I want to preface this by first wishing you and your loved ones well during this difficult situation! However, if you feel that you need someone to talk to, please text “STEVE” to 741741 to access a culturally trained Crisis Text Line Counselor. As a gentle reminder, a “crisis” is subjective and can be any emotional, environmental, or physical situation that you may be in. So, even if you think that others would perceive your crisis as “small”, the Crisis Text Line Counselors are here to help!!
Now, with all that said, this post is to serve as a follow-up to the Communities of Color Face Covid-19: Asian American and Pacific Islander (AAPI) Perspectives. I personally found it a delight to be able to see and speak to such a diverse range of people that identify as AAPI and share in our experiences navigating the current crisis. If you’re interested, you can check-out the chat here.
Below you will find some resources and tips & tricks that we compiled for you to try at home, should you need it!
If you happen to have additions, please feel free to add them in the comments section below~
Facing Macro and Micro Aggressions, Racism, Xenophobia and other Ugly Societal Ills
Mx. Yin J. Li wrote a quick-read article discussing suggestions on managing and surviving racism amidst Covid-19. They also included some additional readings, should you have the bandwidth. One that I’m particularly interested in following-up on is The Racial Healing Handbook.
Other additional reading can be:
Addressing Financial Hardships During Coronavirus
If your income or your family’s income has fallen or been cut off completely, this guide provides basic information that includes government benefits, free services and financial strategies.
Getting Help for Mental Health Issues
Due to stigma and other barriers, Asian students are one of the least likely student group to seek professional counseling. Students who already are managing existing mental health conditions or students who are impacted by the stress of COVID-19 are encouraged to recognize that this is a time when external professional support may be needed more than ever.
Interacting with Family: Moving Home, Social Distancing, and Boundaries
Among family, especially in regard to elders, there are various customs and rituals to show a sign of respect. These can include giving hugs, complying with and listening to what elders say, and providing some form of care or service. Therefore, social (physical) distancing and setting behavioral boundaries may not be generally typical or even acceptable and area difficult to navigate especially is one has lived away from home with greater independence and autonomy.
A suggestion from Dr. Bryan Kim, UH Hilo Professor, is to say something about social distancing when you first see a family person. An example would be “Aloha, Aunty! I am practicing social distancing…” in lieu of giving a hug to show you care about the person.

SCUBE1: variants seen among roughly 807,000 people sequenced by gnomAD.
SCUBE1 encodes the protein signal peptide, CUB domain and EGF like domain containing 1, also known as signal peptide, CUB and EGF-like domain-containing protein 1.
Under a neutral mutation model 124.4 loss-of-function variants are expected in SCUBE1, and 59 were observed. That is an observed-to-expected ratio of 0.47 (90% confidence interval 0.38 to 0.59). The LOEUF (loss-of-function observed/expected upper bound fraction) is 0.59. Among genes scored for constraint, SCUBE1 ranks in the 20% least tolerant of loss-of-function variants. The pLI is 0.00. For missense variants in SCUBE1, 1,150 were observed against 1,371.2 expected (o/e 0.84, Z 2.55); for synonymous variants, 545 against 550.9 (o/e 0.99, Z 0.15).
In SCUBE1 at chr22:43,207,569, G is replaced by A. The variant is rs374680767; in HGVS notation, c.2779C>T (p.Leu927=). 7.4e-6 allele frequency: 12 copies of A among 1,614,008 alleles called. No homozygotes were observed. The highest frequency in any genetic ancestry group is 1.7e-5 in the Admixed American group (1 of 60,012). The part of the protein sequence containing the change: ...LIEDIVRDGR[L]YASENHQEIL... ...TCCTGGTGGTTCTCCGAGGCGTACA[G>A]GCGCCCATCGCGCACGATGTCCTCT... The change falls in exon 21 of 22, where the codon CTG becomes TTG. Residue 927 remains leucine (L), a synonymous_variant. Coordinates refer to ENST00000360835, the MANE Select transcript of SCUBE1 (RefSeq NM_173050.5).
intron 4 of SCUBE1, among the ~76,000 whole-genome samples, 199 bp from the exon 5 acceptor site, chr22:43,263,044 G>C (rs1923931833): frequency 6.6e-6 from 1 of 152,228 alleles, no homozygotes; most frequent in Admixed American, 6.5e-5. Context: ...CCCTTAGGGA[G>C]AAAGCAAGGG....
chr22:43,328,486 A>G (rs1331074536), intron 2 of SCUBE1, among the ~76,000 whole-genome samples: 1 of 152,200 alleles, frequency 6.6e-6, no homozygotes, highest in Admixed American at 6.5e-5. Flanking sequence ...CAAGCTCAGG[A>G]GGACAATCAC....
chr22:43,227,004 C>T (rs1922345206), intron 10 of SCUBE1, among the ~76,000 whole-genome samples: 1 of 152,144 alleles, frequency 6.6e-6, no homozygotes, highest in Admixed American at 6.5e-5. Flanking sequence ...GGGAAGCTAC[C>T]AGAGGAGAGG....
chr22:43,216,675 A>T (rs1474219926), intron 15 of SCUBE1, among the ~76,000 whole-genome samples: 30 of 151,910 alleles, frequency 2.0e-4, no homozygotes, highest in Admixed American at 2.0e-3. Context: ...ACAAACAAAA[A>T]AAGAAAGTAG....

Even more complex is communication about privacy and “personal space”. Some suggestions would be:
For Those Who Can’t Go Home
Anthony Jack, an assistant professor at the Harvard Graduate School of Education, says that:
“As colleges respond to #COVID19 by going online and shutting down, we must remember that campus is a sanctuary for many students: the only place they have steady access to food, shelter, safe living quarters, and/or internet to take online classes. Please help those without exit strategies.”
The students that Dr. Jack refers to includes international students and students whose family of origin home has no resources or may be unsafe (e.g. domestic violence, homeless, low income, LGBT, and undocumented students). Although the current housing situation and need to social distance continues to be ambiguous, here are some suggestions to help:
Bolstering Academic Success
Also, with the transfer over to virtual systems, it can be very difficult for students to adjust -especially if you are aware what type of learner you are (i.e. need to be in a physical classroom or social facilitation aids in your productivity).
Some items that can help in these situations are:
The Steve Fund recognizes that these are challenging, unprecedented times. We are a resource for students, their families, faculty and administration, and our mental health partners. COVID-19 is no exception. Our new webinar series, Community Conversations, features members of the Steve Fund community sharing how they are navigating this “new normal.” We hope that their challenges, experiences and insights will inform and inspire you. You are not alone, and the Steve Fund is here to provide the support you need.
Our Mission: Promoting the mental health and emotional well-being of young people of color